Viva Las Vegas and Ronald’s Donuts!

There was a time in my life that I was quite the donut-phile.  I was known to drive with a singularity of purpose to a certain donut shop at 10:50 pm so that I could still catch their donuts while they were “hot now.”  My husband, then-boyfriend, wooed me by showing up at my apartment unannounced on a Saturday morning with my favorite varieties.  For Valentine’s Day that year I even bought him donut-patterned boxer shorts.  (Too much information?  Sorry.)  Then I went vegan, and I figured my donut-eating days were behind me…  While there are a few shops and companies selling cake donuts that are free of animal products, that was never really my bag.  Raised donuts – glazed or crème filled – was where it was at.  Hasta la vista, Long Johns and bye-bye, Bismarcks.  I gave a goodbye to glazed and didn’t look back…  Until, that is, I heard murmurings through the blogosphere about the mythical Ronald’s Donuts.

To look at it, Ronald’s is your typical mom and pop donut shop in every way – non-descript booths, locals reading newspapers while they slurp cups of coffee, and a long case of donuts.  But what differs is that about 70% of their offerings are vegan.  Yeast and vegetable shortening replace animal ingredients.  Interestingly, in and around the shop there are no signs anywhere noting their veganosity.  Only about 10% of Ronald’s customers are vegan or lactose intolerant, and they don’t want non-vegan donut enthusiasts to reject theirs before they’ve tried them.  So the other customers suck down vegan donuts unaware, and Ronald’s counts on vegans to spread the word to other vegans– and that they do.

For longer than I can remember I’ve been hearing tales told about Ronald’s Donuts.  There was even one time that I thought I’d procure a donut without a 4-hour drive ahead of it.  A friend of a friend was going to Vegas, and word was she was going to bring back donuts for us too.  Somehow we never received those sweet pastries…  Very suspicious.  So when we set out on our cross-country adventure, the first stop had to be Ronald’s Donuts.  One word of warning – they’re not healthy.  They’re not organic.  They’re donuts.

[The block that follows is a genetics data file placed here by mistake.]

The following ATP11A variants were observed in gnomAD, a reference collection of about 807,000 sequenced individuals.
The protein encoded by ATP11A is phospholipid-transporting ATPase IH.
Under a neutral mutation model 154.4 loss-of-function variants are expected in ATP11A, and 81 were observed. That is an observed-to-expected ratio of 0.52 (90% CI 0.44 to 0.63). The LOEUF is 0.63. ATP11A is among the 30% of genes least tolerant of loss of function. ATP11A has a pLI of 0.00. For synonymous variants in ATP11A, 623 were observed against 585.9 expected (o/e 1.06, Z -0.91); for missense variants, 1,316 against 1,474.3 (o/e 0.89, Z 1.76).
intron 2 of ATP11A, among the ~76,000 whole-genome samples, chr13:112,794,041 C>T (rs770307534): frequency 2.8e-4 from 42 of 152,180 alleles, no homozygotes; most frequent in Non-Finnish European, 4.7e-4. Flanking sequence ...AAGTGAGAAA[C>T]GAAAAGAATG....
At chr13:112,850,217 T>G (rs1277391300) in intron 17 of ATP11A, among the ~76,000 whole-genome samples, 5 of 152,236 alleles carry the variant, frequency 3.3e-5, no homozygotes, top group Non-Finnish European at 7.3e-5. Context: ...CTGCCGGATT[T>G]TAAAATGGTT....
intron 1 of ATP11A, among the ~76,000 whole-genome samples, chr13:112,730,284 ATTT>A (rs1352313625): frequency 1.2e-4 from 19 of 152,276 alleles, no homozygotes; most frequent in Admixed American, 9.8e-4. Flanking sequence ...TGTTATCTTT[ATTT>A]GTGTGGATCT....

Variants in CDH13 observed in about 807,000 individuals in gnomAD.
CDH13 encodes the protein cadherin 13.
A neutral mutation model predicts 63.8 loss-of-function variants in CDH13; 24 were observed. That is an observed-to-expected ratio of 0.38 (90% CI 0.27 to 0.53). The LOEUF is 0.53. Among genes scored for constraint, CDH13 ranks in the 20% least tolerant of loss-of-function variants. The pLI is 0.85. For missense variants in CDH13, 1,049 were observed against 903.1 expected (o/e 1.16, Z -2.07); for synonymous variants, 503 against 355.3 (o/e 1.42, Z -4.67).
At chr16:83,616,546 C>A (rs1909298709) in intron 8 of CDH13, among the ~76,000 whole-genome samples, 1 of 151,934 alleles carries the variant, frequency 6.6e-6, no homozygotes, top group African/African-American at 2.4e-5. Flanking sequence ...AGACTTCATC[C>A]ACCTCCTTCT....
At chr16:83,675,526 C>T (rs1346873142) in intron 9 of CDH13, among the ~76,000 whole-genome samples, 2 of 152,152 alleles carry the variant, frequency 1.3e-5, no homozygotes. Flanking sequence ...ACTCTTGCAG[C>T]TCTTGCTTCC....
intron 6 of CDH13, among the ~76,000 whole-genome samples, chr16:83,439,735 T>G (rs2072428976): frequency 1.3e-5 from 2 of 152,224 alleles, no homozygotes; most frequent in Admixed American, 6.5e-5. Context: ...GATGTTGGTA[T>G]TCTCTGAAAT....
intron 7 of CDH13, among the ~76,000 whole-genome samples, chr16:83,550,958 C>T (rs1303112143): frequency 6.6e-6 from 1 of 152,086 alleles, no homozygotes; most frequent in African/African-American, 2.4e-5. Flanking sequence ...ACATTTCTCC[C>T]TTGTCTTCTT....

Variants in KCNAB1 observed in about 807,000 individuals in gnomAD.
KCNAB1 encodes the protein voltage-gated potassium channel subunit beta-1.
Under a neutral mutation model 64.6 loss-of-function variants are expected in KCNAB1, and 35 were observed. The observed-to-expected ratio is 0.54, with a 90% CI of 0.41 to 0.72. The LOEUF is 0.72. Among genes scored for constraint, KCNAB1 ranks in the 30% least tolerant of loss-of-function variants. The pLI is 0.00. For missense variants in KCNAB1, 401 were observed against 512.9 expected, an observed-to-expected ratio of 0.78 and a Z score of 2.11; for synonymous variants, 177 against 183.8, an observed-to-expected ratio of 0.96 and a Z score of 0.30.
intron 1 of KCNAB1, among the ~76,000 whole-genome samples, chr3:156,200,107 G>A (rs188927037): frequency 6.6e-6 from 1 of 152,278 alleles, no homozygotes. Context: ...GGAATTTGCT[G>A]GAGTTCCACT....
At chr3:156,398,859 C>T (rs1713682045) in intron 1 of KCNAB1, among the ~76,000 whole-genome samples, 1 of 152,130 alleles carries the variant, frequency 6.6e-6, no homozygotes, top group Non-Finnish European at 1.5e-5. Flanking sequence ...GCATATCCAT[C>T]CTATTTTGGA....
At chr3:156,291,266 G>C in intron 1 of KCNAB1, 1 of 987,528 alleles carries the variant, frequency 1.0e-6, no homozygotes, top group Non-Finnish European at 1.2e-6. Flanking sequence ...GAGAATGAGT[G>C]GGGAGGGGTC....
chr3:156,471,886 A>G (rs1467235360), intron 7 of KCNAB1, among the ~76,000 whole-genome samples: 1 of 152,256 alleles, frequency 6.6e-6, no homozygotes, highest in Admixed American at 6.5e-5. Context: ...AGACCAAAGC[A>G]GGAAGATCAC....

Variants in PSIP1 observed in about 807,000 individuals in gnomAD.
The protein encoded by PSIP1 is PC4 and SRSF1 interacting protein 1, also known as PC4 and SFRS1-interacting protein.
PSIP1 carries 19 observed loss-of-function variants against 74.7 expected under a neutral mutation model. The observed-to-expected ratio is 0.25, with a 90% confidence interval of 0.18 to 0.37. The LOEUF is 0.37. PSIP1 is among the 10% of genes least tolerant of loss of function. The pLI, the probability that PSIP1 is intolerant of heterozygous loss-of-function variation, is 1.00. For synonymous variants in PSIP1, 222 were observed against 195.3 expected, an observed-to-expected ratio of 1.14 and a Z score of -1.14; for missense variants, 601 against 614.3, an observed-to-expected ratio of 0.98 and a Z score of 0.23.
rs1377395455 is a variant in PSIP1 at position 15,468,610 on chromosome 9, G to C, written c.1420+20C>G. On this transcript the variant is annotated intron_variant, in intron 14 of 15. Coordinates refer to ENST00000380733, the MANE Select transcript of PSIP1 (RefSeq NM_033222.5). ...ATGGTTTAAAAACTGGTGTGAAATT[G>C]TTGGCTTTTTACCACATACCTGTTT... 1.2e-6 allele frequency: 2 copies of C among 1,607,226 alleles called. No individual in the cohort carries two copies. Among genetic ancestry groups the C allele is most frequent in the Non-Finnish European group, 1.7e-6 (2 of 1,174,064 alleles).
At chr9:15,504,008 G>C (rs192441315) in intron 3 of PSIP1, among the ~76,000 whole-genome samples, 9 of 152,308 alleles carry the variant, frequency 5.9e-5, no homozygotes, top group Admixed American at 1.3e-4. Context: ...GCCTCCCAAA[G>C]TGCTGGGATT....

We pulled into the strip mall that houses Ronald’s, and when I walked inside I was greeted by one of the owners behind the counter.  I asked her which of the donuts were vegan, and she indicated the top two very long rows.  With that, I set about making some difficult decisions.  I finally pared it down to a glazed twist, a chocolate-covered soy custard filled, and a raspberry filled all to share with my husband, who was waiting in the car.

We had plans of saving one of the donuts for later, but those ideas were quickly squelched with our first taste.  The chocolate-covered soy custard filled reminded me of a Boston Crème donut – very light with a soft, almost sour crème inside.  The twist was airy and not overly sweet, but the very best of the bunch was the raspberry filled.  The strong raspberry jelly stood out against the mild yeasty donut.  In no time at all, all of the donuts had vanished, and we were headed down the highway.  The casinos and crowds of Vegas have never been a pull for me but one thing might bring me back someday – and that thing is Ronald’s Donuts.  It’s probably a good thing they don’t serve them hot.  The petrol costs might kill me.

Ronald's Doughnuts on Urbanspoon

On the Road Again – Tips for Road Trippin’ Vegan-Style